By stepone on 5/22/2008 6:57:55 AM , Rating: 2
The final specs, prices & launch dates are pretty much known now:
ATI 4850 - Release date 16th June, 4870 paper launch same day with retail availability 2 weeks later.

Prices: 4850 - $249, 4870 - $349.

Specs:
Both have a 256 bit bus (512bit internal ring bus) & 480SP.
Differences:
4850 uses 1ghz GDDR3 & is clocked @ 625mhz
4870 uses 1.9ghz GDDR5 & is core clocked to 850mhz

I'm a bit surprised that the 4870 is over $300 but if it's 25% faster than a 9800gtx then this is probably to be expected.


Damn....
By Locutus465 on 5/21/08, Rating: 0
RE: Damn....
By Rookierookie on 5/21/2008 4:53:54 PM , Rating: 5
quote:
700GB total disk space

That's so two years ago.


RE: Damn....
By Locutus465 on 5/21/2008 5:13:36 PM , Rating: 2
Yeah, I have yet to buy a new hard drive for this upgrade. I have other priorities... Like the fact that since my last upgrade I've serously gotten into Home Theater, and the fact that I haven't run out of disk space yet.


RE: Damn....
By djc208 on 5/22/2008 7:20:33 AM , Rating: 2
As long as your computer doesn't get into Home Theater with you that will probably be OK. Start using it as an HTPC and you're going to need more space quickly.

My SageTV/home server only has 160GB in a RAID array for shared files (photos, music, reference materials, etc.) and it's only about 1/4 used. But I just upgraded to 1.2TB of recording space for TV shows, and with HD recording Sage will fill that up in about a month. Would be quicker but the TV seasons are ending so not as much to record.

It's a good time to be in the HTPC market though. With stuff like the Sage HD extender and the upcoming Hauppage HD-PVR it's getting much easier to get your SD or HD content on any TV or PC anywhere you want it whenever you want it.


RE: Damn....
By FITCamaro on 5/22/2008 8:06:26 AM , Rating: 2
Eventually I plan to get around to building a really nice HTPC. I've currently got just under 2TB of hard drive space in my video server, but I've got two 500GB hard drives on my desk that are going in next week. Its not all even close to being used, but eventually it will be.


RE: Damn....
By Locutus465 on 5/22/2008 8:41:35 AM , Rating: 2
Yeah, I wouldn't go with anything less than 1TB dedicated media storage for an HTPC, and that would be me cheaping out. But an HTPC isn't anywhere in the near future for me, so it's all good.


RE: Damn....
By KernD on 5/21/2008 6:54:12 PM , Rating: 2
quote:
That's so two years ago.


No your just near-sighted, for you that may be the past, but for the majority of computer owner, that's more storage space than needed, just look up sites like Dell and you'll see desktop computers don't have that much yet.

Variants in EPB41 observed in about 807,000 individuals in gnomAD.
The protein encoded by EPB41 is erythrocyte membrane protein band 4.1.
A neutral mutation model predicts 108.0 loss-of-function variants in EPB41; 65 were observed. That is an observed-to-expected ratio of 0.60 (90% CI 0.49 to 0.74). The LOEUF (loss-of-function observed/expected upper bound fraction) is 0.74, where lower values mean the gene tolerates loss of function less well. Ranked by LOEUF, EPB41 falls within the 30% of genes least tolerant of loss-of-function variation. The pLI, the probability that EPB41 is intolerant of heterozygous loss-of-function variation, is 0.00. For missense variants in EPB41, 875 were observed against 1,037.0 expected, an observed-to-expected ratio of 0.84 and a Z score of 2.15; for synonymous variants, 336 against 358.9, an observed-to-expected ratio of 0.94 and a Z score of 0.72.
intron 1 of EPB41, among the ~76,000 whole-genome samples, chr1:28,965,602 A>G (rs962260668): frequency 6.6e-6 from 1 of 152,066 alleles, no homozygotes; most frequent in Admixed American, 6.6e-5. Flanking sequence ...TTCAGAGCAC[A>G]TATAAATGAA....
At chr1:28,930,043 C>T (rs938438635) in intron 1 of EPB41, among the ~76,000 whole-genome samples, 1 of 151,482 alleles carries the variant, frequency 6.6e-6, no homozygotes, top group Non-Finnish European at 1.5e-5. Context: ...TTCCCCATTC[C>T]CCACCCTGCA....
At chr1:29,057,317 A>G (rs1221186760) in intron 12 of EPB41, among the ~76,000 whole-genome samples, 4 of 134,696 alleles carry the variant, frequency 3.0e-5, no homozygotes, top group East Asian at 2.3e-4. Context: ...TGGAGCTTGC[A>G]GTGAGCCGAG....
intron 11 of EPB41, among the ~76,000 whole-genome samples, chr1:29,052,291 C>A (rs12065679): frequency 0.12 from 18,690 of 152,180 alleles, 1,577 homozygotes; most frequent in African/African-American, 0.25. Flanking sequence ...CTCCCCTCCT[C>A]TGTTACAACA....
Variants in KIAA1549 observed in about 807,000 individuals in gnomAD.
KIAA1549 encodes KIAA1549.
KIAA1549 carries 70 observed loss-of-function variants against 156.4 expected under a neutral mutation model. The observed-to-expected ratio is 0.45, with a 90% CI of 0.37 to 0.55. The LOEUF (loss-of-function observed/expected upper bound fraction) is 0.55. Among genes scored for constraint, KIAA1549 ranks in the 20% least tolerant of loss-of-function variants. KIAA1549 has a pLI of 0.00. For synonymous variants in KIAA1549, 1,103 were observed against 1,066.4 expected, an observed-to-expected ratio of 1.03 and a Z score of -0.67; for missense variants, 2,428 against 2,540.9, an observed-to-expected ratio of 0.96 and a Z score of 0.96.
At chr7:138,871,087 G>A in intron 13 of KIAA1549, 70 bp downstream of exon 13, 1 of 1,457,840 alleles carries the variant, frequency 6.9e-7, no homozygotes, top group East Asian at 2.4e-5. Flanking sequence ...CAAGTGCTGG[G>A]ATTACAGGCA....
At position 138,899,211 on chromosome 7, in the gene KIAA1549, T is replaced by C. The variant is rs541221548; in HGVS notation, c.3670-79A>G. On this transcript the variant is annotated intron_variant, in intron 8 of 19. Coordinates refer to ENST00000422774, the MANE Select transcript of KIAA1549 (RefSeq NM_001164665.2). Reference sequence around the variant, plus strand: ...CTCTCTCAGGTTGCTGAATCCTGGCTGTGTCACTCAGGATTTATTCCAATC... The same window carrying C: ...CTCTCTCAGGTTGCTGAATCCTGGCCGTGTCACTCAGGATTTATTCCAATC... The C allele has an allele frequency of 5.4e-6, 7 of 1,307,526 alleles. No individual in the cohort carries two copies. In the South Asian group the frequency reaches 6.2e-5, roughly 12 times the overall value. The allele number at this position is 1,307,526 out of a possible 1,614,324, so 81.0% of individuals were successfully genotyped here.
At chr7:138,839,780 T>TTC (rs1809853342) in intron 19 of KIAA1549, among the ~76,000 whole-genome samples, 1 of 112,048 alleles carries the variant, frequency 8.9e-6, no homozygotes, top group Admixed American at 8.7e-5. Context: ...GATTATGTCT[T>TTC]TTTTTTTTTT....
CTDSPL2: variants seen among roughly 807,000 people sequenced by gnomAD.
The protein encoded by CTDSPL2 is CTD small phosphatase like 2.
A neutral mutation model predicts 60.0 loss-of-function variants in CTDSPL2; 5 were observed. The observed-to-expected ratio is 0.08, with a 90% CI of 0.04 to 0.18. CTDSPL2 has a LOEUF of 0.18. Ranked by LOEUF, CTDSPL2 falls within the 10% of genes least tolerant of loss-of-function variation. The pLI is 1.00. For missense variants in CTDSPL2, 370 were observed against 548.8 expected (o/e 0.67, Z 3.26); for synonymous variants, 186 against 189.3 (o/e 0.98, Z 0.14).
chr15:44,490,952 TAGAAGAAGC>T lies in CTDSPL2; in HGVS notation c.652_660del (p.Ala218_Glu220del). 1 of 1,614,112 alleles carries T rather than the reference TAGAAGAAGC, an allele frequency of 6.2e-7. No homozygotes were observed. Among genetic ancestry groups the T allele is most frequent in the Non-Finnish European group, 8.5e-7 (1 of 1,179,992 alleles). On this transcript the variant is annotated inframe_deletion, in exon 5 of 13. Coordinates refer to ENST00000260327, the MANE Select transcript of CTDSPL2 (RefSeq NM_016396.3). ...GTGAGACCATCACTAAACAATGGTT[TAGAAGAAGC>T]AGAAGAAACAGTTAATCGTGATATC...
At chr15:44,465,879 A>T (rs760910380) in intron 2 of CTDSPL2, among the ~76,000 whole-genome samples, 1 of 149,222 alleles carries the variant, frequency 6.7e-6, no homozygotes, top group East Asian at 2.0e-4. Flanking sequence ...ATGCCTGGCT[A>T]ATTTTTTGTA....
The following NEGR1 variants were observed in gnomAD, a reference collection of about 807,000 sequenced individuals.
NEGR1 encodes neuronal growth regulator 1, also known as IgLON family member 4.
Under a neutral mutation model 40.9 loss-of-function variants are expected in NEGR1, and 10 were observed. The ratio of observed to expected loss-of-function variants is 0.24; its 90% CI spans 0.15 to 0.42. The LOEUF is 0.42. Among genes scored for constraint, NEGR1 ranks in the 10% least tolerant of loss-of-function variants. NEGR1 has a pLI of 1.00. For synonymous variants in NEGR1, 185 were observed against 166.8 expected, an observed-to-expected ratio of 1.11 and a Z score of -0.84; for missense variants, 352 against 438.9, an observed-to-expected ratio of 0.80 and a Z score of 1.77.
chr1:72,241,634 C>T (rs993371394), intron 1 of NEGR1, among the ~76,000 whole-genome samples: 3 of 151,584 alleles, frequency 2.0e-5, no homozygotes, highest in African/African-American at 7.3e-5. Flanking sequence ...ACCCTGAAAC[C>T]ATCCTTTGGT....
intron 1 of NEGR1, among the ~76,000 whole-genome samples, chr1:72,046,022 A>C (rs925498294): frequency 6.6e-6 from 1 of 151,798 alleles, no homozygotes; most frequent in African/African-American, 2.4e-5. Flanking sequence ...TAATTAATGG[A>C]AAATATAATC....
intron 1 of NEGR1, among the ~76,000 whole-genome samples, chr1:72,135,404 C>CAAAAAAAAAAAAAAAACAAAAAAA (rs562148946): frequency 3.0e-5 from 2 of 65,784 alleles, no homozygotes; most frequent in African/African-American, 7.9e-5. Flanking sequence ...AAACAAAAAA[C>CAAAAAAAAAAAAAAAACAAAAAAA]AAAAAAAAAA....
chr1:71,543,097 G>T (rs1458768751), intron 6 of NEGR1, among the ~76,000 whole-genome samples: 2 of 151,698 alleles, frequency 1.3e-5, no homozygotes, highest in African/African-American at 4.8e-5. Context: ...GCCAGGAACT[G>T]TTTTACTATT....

two years ago? no, the time is now...


RE: Damn....
By lagitup on 5/22/2008 10:43:08 AM , Rating: 2
think you totally missed the point...idk about you but i quite literally laughed out loud upon seeing that. I say this from my 2 year old compy with a caviar SE16 250gb :P


RE: Damn....
By Locutus465 on 5/22/2008 11:18:04 AM , Rating: 1
Interesting that some one that didn't bother upgrading thier storage past 250GB is laughing at 700GB of total disk space in a desktop...


Naming Schemes
By JonnyDough on 5/21/2008 6:25:12 PM , Rating: 5
Why is it that memory is the only computer component to have a naming scheme that makes sense? Weird.




RE: Naming Schemes
By Griswold on 5/22/2008 5:54:26 AM , Rating: 1
Not weird. Its one of the components where there is no stiff competition. One generation is peacefully replaced by the next, just like that. Whereas the makers of other components are following the scheme of bigger, better, badder! Best achieved by tossing wild combinations of numbers and letters, also known as "conviction by confusion", at the poor kettle buying it. :p


By jeromekwok on 5/23/2008 1:49:59 AM , Rating: 2
I thought he was referring to Barcelona.




story proofreading
By Screwballl on 5/21/08, Rating: -1
RE: story proofreading
By ninjit on 5/21/2008 3:33:26 PM , Rating: 1
Yeh I saw that too.

I think it's missing a few words in the middle

quote:
The high-speed memory chips are sized at 512Mbits and offer throughput of up to 4.0Gbps.


RE: story proofreading
By Warren21 on 5/21/2008 3:36:51 PM , Rating: 2
Learn2computer.

512Mbit is just a fancy way of saying 64MB, throughput = bandwidth.

I'm not sure if measuring memory capacity in M b (not to be confused with M B ) is standard in the DRAM industry, however.


RE: story proofreading
By OddTSi on 5/21/2008 3:44:45 PM , Rating: 2
As far as I'm aware it IS standard when talking about individual chips and not ram sticks (with multiple chips on them) like we in the consumer segment are used to.


RE: story proofreading
By amanojaku on 5/21/2008 3:46:39 PM , Rating: 2
quote:
throughput = bandwidth


Not true. 4.0Gbit/sec is the bandwidth. Throughput could be less due to overhead, latency, etc... Think of a network. The bandwidth of Ethernet is 10Mbits/100Mbits/1Gbits, etc... The throughput is at most 90% of that after overhead.


"There is a single light of science, and to brighten it anywhere is to brighten it everywhere." -- Isaac Asimov